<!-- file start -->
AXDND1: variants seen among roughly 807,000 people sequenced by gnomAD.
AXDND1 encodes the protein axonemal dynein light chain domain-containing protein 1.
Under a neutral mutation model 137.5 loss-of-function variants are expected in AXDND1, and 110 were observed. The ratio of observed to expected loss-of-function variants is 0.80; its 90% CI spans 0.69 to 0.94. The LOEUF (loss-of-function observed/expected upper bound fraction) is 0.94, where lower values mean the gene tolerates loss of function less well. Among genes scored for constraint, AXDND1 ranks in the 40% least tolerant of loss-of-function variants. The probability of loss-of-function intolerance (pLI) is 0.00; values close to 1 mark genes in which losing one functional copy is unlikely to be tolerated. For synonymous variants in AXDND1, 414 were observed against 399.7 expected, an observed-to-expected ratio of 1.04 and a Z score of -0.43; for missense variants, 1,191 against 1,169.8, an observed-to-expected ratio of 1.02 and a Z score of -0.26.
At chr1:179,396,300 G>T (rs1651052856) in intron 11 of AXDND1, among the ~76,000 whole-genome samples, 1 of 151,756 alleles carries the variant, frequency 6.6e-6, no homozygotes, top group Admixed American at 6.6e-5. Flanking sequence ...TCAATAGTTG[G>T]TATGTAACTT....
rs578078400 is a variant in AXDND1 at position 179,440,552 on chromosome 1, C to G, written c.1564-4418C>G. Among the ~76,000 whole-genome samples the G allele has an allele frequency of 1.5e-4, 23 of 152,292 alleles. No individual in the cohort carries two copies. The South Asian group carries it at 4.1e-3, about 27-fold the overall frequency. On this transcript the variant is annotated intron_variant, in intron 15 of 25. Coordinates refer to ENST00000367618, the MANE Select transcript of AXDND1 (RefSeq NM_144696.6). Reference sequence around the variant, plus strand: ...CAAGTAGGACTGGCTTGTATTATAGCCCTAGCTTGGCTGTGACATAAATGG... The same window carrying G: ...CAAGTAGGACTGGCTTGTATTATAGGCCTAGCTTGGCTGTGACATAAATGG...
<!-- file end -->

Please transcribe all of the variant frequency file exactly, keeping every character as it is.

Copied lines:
AXDND1: variants seen among roughly 807,000 people sequenced by gnomAD.
AXDND1 encodes the protein axonemal dynein light chain domain-containing protein 1.
Under a neutral mutation model 137.5 loss-of-function variants are expected in AXDND1, and 110 were observed. The ratio of observed to expected loss-of-function variants is 0.80; its 90% CI spans 0.69 to 0.94. The LOEUF (loss-of-function observed/expected upper bound fraction) is 0.94, where lower values mean the gene tolerates loss of function less well. Among genes scored for constraint, AXDND1 ranks in the 40% least tolerant of loss-of-function variants. The probability of loss-of-function intolerance (pLI) is 0.00; values close to 1 mark genes in which losing one functional copy is unlikely to be tolerated. For synonymous variants in AXDND1, 414 were observed against 399.7 expected, an observed-to-expected ratio of 1.04 and a Z score of -0.43; for missense variants, 1,191 against 1,169.8, an observed-to-expected ratio of 1.02 and a Z score of -0.26.
At chr1:179,396,300 G>T (rs1651052856) in intron 11 of AXDND1, among the ~76,000 whole-genome samples, 1 of 151,756 alleles carries the variant, frequency 6.6e-6, no homozygotes, top group Admixed American at 6.6e-5. Flanking sequence ...TCAATAGTTG[G>T]TATGTAACTT....
rs578078400 is a variant in AXDND1 at position 179,440,552 on chromosome 1, C to G, written c.1564-4418C>G. Among the ~76,000 whole-genome samples the G allele has an allele frequency of 1.5e-4, 23 of 152,292 alleles. No individual in the cohort carries two copies. The South Asian group carries it at 4.1e-3, about 27-fold the overall frequency. On this transcript the variant is annotated intron_variant, in intron 15 of 25. Coordinates refer to ENST00000367618, the MANE Select transcript of AXDND1 (RefSeq NM_144696.6). Reference sequence around the variant, plus strand: ...CAAGTAGGACTGGCTTGTATTATAGCCCTAGCTTGGCTGTGACATAAATGG... The same window carrying G: ...CAAGTAGGACTGGCTTGTATTATAGGCCTAGCTTGGCTGTGACATAAATGG...